Like its fellow Northern Triangle countries, El Salvador and Guatemala, Honduras suffers from high crime rates and severe poverty in the wake of its “dirty war” in the 1980s. Street gangs roam unchecked in many urban neighbourhoods while drug traffickers ply the coasts and plague all levels of the state. In addition, contested presidential elections in 2017 spurred a wave of political violence that continues. These chronic socio-economic ills, coupled with poor governance and rampant corruption, are the main drivers of northward migration, which has its own perils for those who venture the journey. Crisis Group studies the roots of the country’s persistent problems and pushes for policy solutions to break the cycle of forced departure and deportation.
Despite U.S. restrictions on Central American migration, Hondurans are fleeing north in record numbers as the country struggles with polarised government, corruption, poverty and violence. With outside help, Tegucigalpa should revisit its heavy-handed security policies and enact judicial and electoral reforms to avert future upheaval.
Govt faced accusations of using COVID-19 crisis to stay in power, while controversial new penal code came into force. Amid persistent opposition concerns that govt will use COVID-19 pandemic to call off general elections scheduled for 2022 and remain in power, head of National Electoral Council 9 June said body will not convene primary elections as planned in Sept due to delay in updating electoral register amid pandemic. President Hernández same day reiterated he will not run for re-election in 2022 and ruling National Party will hold primaries. Controversial penal code came into law 25 June despite objection from opposition, civil society and private sector who say code poses threat to freedom of expression and protects corrupt politicians and traffickers. Unrest and protests over food shortages and deteriorating livelihoods amid COVID-19 crisis continued nationwide, including protests in capital Tegucigalpa by govt workers 4 June and taxi and bus drivers 15 June. Concerns grew over COVID-19 spread in prisons with outbreaks reported at El Porvenir prison (north) and Támara prison (centre). Human rights organisations 15 June called for “humanitarian intervention” in Támara prison after authorities reported five inmates died of virus 8-14 June. Hernández was hospitalised 17 June after testing positive for COVID-19. Sentencing of Hernández’s brother, found guilty of drug smuggling by U.S. court in Oct 2019, delayed to 16 Sept.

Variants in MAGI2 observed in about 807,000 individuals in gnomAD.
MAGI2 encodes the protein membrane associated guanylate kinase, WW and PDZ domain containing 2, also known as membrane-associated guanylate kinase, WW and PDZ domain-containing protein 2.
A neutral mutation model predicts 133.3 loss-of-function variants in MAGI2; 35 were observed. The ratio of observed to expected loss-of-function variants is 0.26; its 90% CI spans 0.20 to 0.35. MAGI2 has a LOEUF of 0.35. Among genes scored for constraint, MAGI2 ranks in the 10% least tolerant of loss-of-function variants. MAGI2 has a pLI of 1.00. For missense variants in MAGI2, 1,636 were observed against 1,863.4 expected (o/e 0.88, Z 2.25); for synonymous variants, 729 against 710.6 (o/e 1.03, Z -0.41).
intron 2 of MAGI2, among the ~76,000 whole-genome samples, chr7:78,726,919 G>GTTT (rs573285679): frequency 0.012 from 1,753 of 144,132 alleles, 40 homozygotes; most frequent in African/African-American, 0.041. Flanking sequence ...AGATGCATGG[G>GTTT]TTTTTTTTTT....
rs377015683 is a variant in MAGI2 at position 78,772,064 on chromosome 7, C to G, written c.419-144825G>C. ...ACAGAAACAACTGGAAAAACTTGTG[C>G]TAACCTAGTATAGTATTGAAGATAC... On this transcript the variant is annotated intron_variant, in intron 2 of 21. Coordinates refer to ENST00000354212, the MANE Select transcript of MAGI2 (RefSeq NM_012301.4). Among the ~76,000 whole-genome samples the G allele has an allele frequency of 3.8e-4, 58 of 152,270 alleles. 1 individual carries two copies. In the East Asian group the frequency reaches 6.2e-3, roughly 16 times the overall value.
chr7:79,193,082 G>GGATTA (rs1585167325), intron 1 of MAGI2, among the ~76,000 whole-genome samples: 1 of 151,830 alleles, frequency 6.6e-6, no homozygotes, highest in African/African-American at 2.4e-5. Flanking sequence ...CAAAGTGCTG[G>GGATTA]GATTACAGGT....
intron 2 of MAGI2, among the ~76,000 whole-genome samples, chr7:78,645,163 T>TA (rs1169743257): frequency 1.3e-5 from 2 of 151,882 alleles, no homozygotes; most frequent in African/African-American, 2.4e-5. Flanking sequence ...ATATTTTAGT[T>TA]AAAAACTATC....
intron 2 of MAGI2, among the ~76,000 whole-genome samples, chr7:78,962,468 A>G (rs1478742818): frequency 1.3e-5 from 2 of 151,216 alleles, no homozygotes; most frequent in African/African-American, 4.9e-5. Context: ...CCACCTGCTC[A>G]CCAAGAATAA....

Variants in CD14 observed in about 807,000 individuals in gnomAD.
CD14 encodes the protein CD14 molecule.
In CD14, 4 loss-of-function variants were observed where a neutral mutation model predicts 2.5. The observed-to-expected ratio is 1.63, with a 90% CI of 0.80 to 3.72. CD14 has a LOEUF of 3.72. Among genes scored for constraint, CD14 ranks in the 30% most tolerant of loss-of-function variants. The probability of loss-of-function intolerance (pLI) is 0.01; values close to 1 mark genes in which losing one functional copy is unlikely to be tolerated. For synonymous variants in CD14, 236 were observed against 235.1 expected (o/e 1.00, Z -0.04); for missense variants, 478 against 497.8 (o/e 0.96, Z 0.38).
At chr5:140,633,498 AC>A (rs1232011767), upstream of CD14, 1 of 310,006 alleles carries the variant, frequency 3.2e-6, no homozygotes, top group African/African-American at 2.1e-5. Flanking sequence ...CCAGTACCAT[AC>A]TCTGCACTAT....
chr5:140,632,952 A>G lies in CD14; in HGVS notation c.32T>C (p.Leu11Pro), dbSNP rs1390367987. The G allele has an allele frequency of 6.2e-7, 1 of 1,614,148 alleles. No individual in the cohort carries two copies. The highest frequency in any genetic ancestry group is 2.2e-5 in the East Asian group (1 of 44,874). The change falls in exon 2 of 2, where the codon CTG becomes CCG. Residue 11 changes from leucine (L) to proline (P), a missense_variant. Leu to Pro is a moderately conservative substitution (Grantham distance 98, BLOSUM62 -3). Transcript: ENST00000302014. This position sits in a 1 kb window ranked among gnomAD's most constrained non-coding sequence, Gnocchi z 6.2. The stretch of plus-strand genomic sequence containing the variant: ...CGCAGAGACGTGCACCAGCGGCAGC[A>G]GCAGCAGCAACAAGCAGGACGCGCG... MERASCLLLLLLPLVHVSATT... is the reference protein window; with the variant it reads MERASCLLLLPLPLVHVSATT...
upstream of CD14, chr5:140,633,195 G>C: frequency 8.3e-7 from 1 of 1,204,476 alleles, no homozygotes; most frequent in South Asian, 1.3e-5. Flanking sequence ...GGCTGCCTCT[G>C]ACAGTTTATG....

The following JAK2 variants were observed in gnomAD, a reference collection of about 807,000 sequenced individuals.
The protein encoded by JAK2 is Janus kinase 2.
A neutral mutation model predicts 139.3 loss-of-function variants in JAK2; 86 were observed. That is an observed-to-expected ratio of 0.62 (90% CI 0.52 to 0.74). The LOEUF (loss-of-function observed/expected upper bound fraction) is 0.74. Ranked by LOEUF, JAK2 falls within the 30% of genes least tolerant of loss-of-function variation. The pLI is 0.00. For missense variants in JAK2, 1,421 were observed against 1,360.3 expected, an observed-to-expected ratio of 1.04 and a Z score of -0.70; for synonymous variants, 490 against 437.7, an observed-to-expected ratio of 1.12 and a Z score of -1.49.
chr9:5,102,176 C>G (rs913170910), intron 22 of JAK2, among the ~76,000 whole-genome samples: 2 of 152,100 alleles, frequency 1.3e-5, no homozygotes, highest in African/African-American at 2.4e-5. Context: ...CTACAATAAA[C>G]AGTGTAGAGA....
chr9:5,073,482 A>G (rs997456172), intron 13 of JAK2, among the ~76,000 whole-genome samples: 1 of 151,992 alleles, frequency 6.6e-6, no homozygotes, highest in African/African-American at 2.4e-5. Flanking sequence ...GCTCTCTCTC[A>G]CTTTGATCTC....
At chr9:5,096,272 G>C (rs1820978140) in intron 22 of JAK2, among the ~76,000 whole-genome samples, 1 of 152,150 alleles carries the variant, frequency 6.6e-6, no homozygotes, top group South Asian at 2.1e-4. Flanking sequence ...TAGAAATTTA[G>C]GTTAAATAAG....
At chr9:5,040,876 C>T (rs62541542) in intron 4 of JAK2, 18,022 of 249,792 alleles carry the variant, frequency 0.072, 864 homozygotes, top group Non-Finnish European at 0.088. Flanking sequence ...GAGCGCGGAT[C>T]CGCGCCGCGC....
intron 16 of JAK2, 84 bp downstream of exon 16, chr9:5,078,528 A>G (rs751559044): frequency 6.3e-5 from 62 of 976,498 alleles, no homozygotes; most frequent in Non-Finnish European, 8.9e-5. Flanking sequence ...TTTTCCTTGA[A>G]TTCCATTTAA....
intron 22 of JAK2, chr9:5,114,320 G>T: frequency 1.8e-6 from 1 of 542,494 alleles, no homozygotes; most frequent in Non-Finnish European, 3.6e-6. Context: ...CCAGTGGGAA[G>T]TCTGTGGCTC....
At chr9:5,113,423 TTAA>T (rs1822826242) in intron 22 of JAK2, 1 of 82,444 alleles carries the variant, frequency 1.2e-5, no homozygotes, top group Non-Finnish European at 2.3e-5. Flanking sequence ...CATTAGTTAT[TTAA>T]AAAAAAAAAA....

Central American gangs are responsible for brutal acts of violence, abuse of women and forced displacement of thousands. Governments must go beyond punitive measures and address the social and economic roots of gang culture, tackle extortion schemes and invest in communities.
Ending bloodshed in this neglected border region requires more than task forces: credible institutions, access to state services and continuing security are also needed.
We are worried about what might be the long-term consequences of the current turmoil [in Honduras], especially in terms of how drug-trafficking groups may expand activities in a period of political crisis.
Violence [in Honduras] is likely to escalate in the upcoming weeks since there is still no clear winner [of the elections] and the opposition its mobilizing its supporters.
As the coronavirus spreads, and the U.S. presidential election looms, the Trump administration and Mexican government continue to deport migrants from El Salvador, Guatemala and Honduras. Some deportees are carrying the virus. Central American states should press their northern neighbours for more stringent health measures.
The northward flow of undocumented migrants fleeing economic hardship and violence in the Northern Triangle of Central America exposes thousands of vulnerable people to mass victimisation. In this excerpt from the Watch List 2017 – Third Update early warning report for European policy makers, Crisis Group urges the European Union and its member states to continue to pursue an approach grounded in supporting community violence prevention, institutional reform and poverty alleviation in the countries of origin while supporting transiting countries in managing the flow.
Originally published in El Pulso
Originally published in Los Angeles Times